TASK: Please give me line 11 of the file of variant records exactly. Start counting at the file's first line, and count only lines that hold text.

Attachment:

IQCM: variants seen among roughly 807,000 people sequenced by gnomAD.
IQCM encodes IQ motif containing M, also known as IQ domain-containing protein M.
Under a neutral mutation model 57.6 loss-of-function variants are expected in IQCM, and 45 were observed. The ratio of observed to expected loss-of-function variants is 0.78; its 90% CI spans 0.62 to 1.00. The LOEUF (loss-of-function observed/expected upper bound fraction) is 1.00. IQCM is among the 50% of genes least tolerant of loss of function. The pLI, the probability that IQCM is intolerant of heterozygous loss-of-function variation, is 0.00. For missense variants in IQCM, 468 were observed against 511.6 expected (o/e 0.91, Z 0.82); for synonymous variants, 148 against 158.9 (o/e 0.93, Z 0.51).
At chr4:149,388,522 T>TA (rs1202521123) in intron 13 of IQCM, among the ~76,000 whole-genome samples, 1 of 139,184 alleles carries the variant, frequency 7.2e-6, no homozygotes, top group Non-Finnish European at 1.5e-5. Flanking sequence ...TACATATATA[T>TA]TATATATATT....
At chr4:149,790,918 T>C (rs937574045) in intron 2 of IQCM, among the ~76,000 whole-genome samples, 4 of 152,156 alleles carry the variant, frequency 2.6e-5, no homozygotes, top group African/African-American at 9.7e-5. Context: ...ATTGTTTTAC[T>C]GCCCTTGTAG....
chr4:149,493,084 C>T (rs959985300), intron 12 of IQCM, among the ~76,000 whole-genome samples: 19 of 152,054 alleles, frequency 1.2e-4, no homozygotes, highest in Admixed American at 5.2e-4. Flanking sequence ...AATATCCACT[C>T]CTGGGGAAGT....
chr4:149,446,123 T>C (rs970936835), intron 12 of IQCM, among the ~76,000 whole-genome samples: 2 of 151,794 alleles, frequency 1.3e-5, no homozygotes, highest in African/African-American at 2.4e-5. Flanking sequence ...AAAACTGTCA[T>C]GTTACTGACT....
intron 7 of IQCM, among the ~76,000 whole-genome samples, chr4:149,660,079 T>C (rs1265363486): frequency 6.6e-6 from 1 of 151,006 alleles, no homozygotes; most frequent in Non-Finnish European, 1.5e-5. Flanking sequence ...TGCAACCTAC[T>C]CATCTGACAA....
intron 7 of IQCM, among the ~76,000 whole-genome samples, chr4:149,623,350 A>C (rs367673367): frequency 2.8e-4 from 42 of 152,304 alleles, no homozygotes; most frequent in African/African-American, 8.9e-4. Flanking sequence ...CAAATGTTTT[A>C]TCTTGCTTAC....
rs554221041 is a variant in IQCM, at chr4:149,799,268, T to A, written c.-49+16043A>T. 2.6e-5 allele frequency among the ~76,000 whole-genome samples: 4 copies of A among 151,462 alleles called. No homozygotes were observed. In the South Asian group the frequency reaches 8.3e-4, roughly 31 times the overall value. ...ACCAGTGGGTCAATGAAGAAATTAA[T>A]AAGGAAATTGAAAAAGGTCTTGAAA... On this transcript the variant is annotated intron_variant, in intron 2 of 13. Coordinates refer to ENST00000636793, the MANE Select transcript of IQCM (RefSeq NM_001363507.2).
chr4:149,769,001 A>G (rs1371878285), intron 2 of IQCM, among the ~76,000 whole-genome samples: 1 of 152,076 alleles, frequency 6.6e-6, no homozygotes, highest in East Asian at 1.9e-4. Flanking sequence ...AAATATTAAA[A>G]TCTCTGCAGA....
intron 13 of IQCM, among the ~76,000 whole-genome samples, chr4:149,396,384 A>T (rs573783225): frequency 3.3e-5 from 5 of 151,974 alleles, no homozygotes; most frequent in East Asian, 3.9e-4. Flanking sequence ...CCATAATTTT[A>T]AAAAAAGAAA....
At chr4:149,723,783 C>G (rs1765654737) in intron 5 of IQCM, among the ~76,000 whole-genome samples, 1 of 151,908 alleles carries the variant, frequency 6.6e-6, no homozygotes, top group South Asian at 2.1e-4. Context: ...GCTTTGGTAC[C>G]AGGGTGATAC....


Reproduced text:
chr4:149,769,001 A>G (rs1371878285), intron 2 of IQCM, among the ~76,000 whole-genome samples: 1 of 152,076 alleles, frequency 6.6e-6, no homozygotes, highest in East Asian at 1.9e-4. Flanking sequence ...AAATATTAAA[A>G]TCTCTGCAGA....